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Tom Gurney BSc (Hons) is an art history expert with over 20 years experience
Published on June 19, 2020 / Updated on October 14, 2023
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Bistro is one of several titles given to a 1909 painting by the American artist Edward Hopper (1882–1967). It is also sometimes known as Le Bistro or The Wine Shop, even though these last two terms are not exact synonyms.

The work is in the Realist style which was very popular in the early years of the 20th century, and for which Hopper was particularly known.

At first glance, the painting seems to show an almost completely rural scene, with trees bending in the wind and an elegant arched bridge crossing a small river. The only apparent concession to the modern world is the line of houses just visible to the left of the wide, empty boulevard. However, a second look draws the eye to the pair of figures seated at the table in the bottom left-hand corner and reveals that this is in fact Paris.

The drinkers are apparently deep in conversation, with the bottle of wine they share standing forgotten to one side.

At the time this work was produced, Hopper was still a struggling unknown, several years away from making his first sale (the 1911 painting Sailing, sold in 1913). He had made several trips to Europe and had become interested in the work of French engraver Charles Méryon, who was noted for his moodily atmospheric scenes of Parisian life. In between trips to the opera and theatre, Hopper also spent much time drawing the everyday life of the French capital.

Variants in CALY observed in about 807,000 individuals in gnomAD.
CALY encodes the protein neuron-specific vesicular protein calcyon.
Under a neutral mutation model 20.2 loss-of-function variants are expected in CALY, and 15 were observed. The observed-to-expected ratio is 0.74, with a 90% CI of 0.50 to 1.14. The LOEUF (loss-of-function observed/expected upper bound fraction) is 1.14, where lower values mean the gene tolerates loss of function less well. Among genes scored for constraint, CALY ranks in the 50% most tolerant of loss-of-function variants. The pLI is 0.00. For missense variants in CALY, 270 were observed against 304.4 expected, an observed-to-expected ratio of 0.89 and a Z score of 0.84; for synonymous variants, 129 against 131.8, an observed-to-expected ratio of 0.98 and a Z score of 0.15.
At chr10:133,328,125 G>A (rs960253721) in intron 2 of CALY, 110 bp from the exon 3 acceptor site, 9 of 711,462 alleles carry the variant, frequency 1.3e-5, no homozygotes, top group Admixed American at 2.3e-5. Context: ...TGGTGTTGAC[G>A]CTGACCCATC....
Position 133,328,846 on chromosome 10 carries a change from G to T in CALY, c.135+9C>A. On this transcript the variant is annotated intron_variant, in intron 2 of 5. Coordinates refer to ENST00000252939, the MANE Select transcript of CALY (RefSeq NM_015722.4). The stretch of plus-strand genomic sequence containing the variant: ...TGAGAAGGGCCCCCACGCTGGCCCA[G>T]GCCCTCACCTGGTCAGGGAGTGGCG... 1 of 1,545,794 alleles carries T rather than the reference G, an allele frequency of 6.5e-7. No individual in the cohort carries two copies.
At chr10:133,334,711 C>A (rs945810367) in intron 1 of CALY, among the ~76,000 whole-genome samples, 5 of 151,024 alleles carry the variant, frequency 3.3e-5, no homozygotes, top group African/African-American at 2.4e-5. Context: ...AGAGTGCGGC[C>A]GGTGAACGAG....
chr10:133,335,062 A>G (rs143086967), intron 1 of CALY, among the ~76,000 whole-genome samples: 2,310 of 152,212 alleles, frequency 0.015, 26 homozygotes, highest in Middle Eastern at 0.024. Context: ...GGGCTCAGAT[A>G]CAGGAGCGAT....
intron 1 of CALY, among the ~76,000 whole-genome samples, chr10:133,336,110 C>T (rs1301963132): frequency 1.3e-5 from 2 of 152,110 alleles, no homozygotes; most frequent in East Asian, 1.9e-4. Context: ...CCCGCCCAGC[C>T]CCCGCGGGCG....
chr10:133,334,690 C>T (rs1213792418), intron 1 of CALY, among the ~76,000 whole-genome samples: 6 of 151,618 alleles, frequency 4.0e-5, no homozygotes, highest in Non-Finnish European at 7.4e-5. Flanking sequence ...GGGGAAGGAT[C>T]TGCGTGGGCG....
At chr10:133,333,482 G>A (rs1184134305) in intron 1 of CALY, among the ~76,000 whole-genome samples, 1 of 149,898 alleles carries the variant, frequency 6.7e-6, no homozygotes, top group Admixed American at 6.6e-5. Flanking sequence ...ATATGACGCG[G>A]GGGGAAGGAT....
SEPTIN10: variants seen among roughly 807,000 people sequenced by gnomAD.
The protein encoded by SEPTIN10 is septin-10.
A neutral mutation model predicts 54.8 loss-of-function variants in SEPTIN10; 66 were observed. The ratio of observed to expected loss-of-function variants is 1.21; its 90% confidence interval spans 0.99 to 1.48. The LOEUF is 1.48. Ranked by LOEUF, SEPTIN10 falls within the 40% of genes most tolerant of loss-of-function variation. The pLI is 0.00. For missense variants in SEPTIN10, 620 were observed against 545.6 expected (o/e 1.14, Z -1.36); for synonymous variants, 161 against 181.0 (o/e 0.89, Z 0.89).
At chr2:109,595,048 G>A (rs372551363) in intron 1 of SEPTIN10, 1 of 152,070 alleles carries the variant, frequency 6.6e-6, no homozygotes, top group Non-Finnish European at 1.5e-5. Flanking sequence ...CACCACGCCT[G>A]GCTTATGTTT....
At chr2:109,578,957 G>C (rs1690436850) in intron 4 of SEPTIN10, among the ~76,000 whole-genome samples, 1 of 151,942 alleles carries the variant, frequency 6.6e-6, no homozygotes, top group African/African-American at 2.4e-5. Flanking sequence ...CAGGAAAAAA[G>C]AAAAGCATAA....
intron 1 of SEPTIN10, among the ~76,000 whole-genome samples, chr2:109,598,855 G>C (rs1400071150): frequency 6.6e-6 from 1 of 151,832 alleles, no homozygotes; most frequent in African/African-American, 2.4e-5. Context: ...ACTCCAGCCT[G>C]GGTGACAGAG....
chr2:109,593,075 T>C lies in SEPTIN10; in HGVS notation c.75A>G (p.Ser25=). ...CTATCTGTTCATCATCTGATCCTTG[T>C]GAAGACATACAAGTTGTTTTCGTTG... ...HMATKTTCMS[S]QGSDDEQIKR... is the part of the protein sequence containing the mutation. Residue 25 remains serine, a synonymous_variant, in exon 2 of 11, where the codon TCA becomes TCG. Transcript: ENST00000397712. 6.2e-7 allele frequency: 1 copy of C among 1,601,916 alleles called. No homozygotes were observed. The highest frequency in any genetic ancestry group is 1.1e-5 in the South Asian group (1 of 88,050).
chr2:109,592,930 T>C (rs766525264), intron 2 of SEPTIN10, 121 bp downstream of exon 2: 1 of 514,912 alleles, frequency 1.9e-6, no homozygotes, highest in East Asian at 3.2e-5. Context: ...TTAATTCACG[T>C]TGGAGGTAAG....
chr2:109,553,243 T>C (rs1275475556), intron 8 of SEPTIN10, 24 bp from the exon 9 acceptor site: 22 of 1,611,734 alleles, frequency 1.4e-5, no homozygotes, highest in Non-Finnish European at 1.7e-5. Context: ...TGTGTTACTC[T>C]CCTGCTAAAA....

Hopper usually referred to his painting by the French name Le Bistro, probably because the word "bistro" was not yet in common use in English and he was dissatisfied with its English translation as The Wine Shop. It may also be to emphasise the sheer Frenchness of the picture's contents: with its Gallic moodiness and casual outdoor drinking, this is not a scene that could have been painted in Hopper's native United States.

The painting is on canvas and is relatively small at about 59 by 72 cm; this gives the work an air of intimacy despite the open spaces it depicts. It was bequeathed by Hopper's widow Josephine to the Whitney Museum of American Art in New York City.